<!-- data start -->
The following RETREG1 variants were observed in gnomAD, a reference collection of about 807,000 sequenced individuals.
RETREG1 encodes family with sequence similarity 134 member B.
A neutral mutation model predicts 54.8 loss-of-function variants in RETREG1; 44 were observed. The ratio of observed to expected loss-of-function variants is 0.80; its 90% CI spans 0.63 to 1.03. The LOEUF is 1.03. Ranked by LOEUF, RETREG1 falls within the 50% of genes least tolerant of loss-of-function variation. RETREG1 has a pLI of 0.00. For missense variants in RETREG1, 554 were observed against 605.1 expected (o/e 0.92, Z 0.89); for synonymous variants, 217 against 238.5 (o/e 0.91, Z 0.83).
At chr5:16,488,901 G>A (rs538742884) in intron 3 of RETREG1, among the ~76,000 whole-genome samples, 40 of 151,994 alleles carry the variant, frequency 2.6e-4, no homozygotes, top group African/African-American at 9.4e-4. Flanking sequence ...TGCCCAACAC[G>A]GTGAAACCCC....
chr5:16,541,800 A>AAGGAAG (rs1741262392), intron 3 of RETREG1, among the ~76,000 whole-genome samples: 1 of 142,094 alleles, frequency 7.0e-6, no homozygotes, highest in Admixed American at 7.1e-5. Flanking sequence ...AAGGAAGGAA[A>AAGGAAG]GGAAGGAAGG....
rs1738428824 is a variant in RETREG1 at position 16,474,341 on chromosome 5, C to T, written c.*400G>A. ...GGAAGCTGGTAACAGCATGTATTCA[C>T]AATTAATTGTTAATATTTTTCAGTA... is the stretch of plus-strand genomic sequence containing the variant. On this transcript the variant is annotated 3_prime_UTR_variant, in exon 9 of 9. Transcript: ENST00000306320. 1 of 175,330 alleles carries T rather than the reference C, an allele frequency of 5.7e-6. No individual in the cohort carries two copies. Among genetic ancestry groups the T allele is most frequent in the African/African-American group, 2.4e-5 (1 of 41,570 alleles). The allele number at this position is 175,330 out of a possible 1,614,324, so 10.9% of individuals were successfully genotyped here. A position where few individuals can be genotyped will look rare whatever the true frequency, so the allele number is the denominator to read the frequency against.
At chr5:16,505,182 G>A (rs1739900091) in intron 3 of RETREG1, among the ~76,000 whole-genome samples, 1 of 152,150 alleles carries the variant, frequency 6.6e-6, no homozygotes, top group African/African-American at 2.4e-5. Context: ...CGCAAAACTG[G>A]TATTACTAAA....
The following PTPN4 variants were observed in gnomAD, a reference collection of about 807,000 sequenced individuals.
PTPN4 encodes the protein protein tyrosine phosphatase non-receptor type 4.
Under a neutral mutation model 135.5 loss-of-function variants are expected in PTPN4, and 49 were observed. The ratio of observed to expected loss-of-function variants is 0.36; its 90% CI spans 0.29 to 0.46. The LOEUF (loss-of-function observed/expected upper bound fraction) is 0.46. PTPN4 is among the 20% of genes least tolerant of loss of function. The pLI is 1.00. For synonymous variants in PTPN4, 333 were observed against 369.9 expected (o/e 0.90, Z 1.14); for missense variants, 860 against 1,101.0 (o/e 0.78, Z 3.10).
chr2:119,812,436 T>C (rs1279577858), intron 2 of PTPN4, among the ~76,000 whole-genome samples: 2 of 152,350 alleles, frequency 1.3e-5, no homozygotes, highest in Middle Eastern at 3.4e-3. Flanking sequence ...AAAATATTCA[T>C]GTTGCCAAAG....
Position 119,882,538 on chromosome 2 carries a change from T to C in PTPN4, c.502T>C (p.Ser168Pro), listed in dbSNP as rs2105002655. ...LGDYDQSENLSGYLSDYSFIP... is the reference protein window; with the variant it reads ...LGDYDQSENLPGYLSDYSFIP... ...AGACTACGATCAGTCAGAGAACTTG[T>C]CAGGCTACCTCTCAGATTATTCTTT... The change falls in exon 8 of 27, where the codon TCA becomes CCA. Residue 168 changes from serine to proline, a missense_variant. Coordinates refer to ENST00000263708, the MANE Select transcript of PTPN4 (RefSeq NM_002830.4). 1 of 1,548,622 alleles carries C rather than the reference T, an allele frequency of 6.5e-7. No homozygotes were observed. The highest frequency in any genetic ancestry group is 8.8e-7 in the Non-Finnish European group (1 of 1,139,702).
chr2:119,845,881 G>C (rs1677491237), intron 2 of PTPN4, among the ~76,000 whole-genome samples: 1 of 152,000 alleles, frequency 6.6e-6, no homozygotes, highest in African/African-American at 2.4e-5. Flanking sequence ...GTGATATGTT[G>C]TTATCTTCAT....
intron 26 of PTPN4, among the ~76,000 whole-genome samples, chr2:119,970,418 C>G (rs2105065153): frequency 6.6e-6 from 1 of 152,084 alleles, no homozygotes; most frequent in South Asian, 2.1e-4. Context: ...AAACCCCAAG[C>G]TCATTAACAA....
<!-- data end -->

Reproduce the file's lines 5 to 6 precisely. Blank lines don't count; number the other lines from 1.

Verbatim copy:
chr5:16,541,800 A>AAGGAAG (rs1741262392), intron 3 of RETREG1, among the ~76,000 whole-genome samples: 1 of 142,094 alleles, frequency 7.0e-6, no homozygotes, highest in Admixed American at 7.1e-5. Flanking sequence ...AAGGAAGGAA[A>AAGGAAG]GGAAGGAAGG....
rs1738428824 is a variant in RETREG1 at position 16,474,341 on chromosome 5, C to T, written c.*400G>A. ...GGAAGCTGGTAACAGCATGTATTCA[C>T]AATTAATTGTTAATATTTTTCAGTA... is the stretch of plus-strand genomic sequence containing the variant. On this transcript the variant is annotated 3_prime_UTR_variant, in exon 9 of 9. Transcript: ENST00000306320. 1 of 175,330 alleles carries T rather than the reference C, an allele frequency of 5.7e-6. No individual in the cohort carries two copies. Among genetic ancestry groups the T allele is most frequent in the African/African-American group, 2.4e-5 (1 of 41,570 alleles). The allele number at this position is 175,330 out of a possible 1,614,324, so 10.9% of individuals were successfully genotyped here. A position where few individuals can be genotyped will look rare whatever the true frequency, so the allele number is the denominator to read the frequency against.